- A member of government’s Scientific Advisory Group for Emergencies (Sage), Sir Mark Walport, says the coronavirus will be present forever in some form or another.
- He says people would need to be vaccinated at regular intervals.
- His comments came after the head of the WHO said he hoped the pandemic would be over within two years.
- Sir Mark says denser populations and travel meant the virus spread easily.
- He also says the world population was now much larger than in 1918.
BBC brings to us another harsh reality about coronavirus and how it is to continue in this world. Sir Mark Walport, a member of government’s Scientific Advisory Group for Emergencies (Sage) says this virus will require repeated vaccinations.
Tedros Adhanom Ghebreyesus, head of the WHO, has said that the Spanish flu of 1918 took two years to overcome, and that advances in technology could allow the world to halt coronavirus “in a shorter time”.
“This is a virus that is going to be with us forever in some form or another, and almost certainly will require repeated vaccinations,” Sir Mark Walport said.
“So, a bit like flu, people will need re-vaccination at regular intervals.”
Coronavirus killed 800,000 people
Coronavirus has so far killed 800,000 people. Nearly 23 million infections have been recorded but the number of people who have actually had the virus is thought to be much higher due to inadequate testing and asymptomatic cases.
The flu of 1918 killed at least 50 million people.
Speaking to BBC Radio 4’s Today programme, Sir Mark said that, in order to control the pandemic, “global vaccination” would be required, but coronavirus would not be a disease like smallpox “which could be eradicated by vaccination”.
A strong warning
Sir Mark warned that it was “possible” coronavirus would get “out of control” again, but said more targeted measures could now be used instead of a generic lockdown.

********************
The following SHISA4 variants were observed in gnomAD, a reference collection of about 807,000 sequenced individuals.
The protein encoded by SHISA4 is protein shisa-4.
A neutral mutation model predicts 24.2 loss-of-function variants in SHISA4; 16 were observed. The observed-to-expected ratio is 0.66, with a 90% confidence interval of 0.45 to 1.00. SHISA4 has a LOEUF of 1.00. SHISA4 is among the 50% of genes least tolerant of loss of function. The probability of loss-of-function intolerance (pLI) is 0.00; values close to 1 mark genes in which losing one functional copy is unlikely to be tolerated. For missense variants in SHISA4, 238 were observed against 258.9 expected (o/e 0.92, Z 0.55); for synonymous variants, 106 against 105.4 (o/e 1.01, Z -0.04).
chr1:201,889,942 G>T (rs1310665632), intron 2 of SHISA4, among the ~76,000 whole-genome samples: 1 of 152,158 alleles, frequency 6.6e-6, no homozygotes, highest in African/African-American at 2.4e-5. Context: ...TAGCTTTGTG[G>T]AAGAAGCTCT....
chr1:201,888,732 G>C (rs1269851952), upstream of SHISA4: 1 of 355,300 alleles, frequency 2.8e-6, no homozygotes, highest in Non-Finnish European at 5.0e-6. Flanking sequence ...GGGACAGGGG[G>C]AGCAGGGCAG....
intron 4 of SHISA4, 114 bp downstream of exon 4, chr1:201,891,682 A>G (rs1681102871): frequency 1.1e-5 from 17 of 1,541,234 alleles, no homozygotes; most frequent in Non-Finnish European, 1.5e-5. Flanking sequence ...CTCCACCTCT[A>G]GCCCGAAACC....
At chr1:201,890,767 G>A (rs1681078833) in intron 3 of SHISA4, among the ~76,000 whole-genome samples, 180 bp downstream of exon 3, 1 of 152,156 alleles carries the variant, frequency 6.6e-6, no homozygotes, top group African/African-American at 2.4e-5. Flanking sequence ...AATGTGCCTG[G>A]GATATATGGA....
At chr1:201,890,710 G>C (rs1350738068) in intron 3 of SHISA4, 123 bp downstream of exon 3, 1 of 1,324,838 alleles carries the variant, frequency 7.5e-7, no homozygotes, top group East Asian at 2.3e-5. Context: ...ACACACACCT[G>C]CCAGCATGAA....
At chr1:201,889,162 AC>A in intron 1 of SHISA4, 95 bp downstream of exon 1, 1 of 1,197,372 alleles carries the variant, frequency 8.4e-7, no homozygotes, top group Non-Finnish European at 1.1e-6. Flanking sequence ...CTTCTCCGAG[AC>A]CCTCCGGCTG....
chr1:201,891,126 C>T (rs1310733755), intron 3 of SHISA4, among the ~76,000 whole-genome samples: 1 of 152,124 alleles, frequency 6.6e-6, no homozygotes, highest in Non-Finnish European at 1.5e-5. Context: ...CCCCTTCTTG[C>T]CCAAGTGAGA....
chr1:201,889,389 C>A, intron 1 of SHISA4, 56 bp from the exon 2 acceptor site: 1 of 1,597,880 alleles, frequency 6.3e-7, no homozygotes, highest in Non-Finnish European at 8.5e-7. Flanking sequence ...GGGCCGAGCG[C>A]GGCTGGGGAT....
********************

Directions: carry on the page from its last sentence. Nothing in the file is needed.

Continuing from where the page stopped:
Coronavirus cases have been increasing in European countries in recent weeks. Some nations, which had appeared successful in suppressing the initial outbreaks, are now seeing infections rise again.
UK records 21.5 coronavirus cases
As of 22 August, the UK recorded 21.5 coronavirus cases per 100,000 people over the last fortnight, according to the European Centre for Disease Prevention and Control.
Sir Mark said: “We know that less than one in five people around the country have been infected, so 80% of the population are still susceptible to this virus.”
Meanwhile, tourists returning to the UK spent thousands of pounds arranging new flights in a race to get home before new travel rules came into force.
From 04:00 BST on Saturday, travellers coming back from Croatia, Austria and Trinidad and Tobago must quarantine for 14 days.
There were similar scenes last weekend when new rules kicked in for those returning from countries including Netherlands and France.
“It is this terrible balance between trying to minimise the harm to people from the infection and protecting people, whilst keeping society going”, Sir Mark, said.
He said he was worried about the rise in the number of cases in Europe and other parts of the world.
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